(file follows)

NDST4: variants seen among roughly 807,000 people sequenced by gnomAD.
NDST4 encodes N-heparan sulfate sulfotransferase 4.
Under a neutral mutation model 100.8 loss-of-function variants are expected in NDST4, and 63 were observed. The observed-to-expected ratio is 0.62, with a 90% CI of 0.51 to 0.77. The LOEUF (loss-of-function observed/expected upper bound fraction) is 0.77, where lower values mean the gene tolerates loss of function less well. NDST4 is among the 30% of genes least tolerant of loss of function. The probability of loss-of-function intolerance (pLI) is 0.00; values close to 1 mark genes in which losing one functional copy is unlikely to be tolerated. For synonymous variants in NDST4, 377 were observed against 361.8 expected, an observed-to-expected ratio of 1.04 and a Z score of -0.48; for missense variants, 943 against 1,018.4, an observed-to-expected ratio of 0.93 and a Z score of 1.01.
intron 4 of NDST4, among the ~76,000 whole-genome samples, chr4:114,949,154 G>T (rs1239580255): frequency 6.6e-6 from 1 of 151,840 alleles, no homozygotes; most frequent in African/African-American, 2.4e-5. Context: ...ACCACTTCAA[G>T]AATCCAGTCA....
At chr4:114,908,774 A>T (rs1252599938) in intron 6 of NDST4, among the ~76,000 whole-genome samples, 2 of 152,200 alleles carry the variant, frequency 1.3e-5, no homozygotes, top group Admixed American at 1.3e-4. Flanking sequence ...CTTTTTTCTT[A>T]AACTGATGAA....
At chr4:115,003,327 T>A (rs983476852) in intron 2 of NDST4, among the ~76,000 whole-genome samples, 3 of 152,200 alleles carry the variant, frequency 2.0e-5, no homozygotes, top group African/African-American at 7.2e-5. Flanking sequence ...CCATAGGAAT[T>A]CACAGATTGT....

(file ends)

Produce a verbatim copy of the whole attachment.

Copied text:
NDST4: variants seen among roughly 807,000 people sequenced by gnomAD.
NDST4 encodes N-heparan sulfate sulfotransferase 4.
Under a neutral mutation model 100.8 loss-of-function variants are expected in NDST4, and 63 were observed. The observed-to-expected ratio is 0.62, with a 90% CI of 0.51 to 0.77. The LOEUF (loss-of-function observed/expected upper bound fraction) is 0.77, where lower values mean the gene tolerates loss of function less well. NDST4 is among the 30% of genes least tolerant of loss of function. The probability of loss-of-function intolerance (pLI) is 0.00; values close to 1 mark genes in which losing one functional copy is unlikely to be tolerated. For synonymous variants in NDST4, 377 were observed against 361.8 expected, an observed-to-expected ratio of 1.04 and a Z score of -0.48; for missense variants, 943 against 1,018.4, an observed-to-expected ratio of 0.93 and a Z score of 1.01.
intron 4 of NDST4, among the ~76,000 whole-genome samples, chr4:114,949,154 G>T (rs1239580255): frequency 6.6e-6 from 1 of 151,840 alleles, no homozygotes; most frequent in African/African-American, 2.4e-5. Context: ...ACCACTTCAA[G>T]AATCCAGTCA....
At chr4:114,908,774 A>T (rs1252599938) in intron 6 of NDST4, among the ~76,000 whole-genome samples, 2 of 152,200 alleles carry the variant, frequency 1.3e-5, no homozygotes, top group Admixed American at 1.3e-4. Flanking sequence ...CTTTTTTCTT[A>T]AACTGATGAA....
At chr4:115,003,327 T>A (rs983476852) in intron 2 of NDST4, among the ~76,000 whole-genome samples, 3 of 152,200 alleles carry the variant, frequency 2.0e-5, no homozygotes, top group African/African-American at 7.2e-5. Flanking sequence ...CCATAGGAAT[T>A]CACAGATTGT....